Associated British Foods, the group behind Kingsmill, has announced that group revenue is down 2% to £6.2bn in the 24 weeks to 1 March, due to food commodity deflation.
It revealed in its interim report that revenue in its food business was lower than last year, with sugar prices being a major cause. However, Allied Bakeries made progress in the UK bread market, with volumes and margins both ahead of last year.
The Kingsmill 50/50 range continued to be the main stimulus of growth, while the smaller Allinson brand also made “significant gains”. Both brands had received television advertising support during the period.
A new bread plant was commissioned at West Bromwich as the company approached the end of a major capital investment programme in its UK bakeries. The programme aims to deliver less waste, better control of processes, consistently high-quality bread and lower energy usage.
The report also revealed that adjusted operating profit was up 1% at £497m, adjusted profit before tax was up 4% at £468m and adjusted earnings per share were up 10% at 45.8p.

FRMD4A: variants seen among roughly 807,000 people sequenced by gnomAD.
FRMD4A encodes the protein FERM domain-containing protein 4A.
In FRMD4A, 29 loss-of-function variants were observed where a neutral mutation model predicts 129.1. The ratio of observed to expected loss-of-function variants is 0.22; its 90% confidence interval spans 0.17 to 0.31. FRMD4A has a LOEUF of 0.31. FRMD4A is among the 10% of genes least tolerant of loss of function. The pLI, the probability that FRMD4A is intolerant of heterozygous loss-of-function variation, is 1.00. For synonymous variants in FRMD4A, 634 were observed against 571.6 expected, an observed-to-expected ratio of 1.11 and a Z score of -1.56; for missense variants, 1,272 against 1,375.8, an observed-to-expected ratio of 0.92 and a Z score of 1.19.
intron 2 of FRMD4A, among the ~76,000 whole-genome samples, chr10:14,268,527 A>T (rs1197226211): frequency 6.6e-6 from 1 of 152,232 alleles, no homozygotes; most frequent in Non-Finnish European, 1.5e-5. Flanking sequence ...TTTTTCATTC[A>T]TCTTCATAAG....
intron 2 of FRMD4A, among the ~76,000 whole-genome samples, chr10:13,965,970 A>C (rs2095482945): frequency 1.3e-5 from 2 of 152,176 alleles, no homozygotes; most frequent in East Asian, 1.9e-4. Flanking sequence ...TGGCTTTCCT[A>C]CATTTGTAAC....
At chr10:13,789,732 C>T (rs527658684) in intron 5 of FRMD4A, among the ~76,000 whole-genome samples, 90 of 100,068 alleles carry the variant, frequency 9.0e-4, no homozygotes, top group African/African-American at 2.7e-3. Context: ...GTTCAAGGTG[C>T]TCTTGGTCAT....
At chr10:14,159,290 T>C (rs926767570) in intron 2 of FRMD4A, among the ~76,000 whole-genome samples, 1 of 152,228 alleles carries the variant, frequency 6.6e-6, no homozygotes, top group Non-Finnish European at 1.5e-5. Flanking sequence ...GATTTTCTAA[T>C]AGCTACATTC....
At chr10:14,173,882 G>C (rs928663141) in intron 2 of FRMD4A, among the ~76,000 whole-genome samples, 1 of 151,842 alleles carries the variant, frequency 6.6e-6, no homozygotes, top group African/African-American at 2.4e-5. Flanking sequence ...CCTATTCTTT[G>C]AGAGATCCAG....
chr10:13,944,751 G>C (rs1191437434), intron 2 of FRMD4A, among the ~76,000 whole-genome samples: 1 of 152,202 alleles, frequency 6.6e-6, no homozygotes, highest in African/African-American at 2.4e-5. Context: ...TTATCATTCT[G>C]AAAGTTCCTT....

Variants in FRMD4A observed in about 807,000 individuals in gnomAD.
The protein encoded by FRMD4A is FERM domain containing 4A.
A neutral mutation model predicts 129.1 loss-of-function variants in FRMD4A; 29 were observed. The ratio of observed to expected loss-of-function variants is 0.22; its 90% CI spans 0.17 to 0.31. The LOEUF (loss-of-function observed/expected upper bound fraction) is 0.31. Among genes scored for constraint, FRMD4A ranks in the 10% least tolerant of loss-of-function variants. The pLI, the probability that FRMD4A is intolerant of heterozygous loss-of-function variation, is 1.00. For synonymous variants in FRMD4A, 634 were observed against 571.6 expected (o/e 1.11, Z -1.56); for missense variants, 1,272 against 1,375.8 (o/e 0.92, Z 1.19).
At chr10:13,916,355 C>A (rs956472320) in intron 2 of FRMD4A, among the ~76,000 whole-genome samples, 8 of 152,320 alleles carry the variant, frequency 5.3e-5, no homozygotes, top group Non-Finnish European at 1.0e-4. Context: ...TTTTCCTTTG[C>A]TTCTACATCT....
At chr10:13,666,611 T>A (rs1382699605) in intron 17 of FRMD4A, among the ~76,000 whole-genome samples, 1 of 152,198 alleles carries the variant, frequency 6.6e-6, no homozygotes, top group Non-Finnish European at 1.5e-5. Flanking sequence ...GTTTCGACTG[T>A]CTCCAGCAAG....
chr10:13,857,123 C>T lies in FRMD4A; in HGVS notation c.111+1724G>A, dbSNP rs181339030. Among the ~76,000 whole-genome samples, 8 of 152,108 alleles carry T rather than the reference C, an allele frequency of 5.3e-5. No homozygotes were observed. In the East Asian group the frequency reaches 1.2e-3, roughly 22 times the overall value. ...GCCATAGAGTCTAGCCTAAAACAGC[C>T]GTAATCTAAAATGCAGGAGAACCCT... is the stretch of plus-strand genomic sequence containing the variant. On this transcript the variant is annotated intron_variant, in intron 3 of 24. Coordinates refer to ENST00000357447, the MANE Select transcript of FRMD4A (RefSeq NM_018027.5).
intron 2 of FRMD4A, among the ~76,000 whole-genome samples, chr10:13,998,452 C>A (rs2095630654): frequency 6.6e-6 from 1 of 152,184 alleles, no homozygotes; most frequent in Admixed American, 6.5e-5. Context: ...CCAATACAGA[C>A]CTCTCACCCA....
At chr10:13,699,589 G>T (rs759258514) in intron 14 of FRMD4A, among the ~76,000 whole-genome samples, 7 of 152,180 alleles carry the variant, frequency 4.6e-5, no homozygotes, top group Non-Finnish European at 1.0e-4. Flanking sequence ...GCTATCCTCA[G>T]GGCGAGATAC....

Meanwhile, dividend per share was up 4% to 9.7p, net debt was £827m after net capital investment of £328m and operating profit rose 2% to £463m. Profit before tax was up 6% at £434m and basic earnings per share were up 12% to 43.2p.
George Weston, chief executive of Associated British Foods, said: “The group as a whole has delivered a very resilient operational and financial result at a challenging time of transition for our European sugar business.
“I am pleased to report interim results for the group that deliver adjusted earnings growth of 10% in the face of a strengthening of sterling and much lower sugar prices.”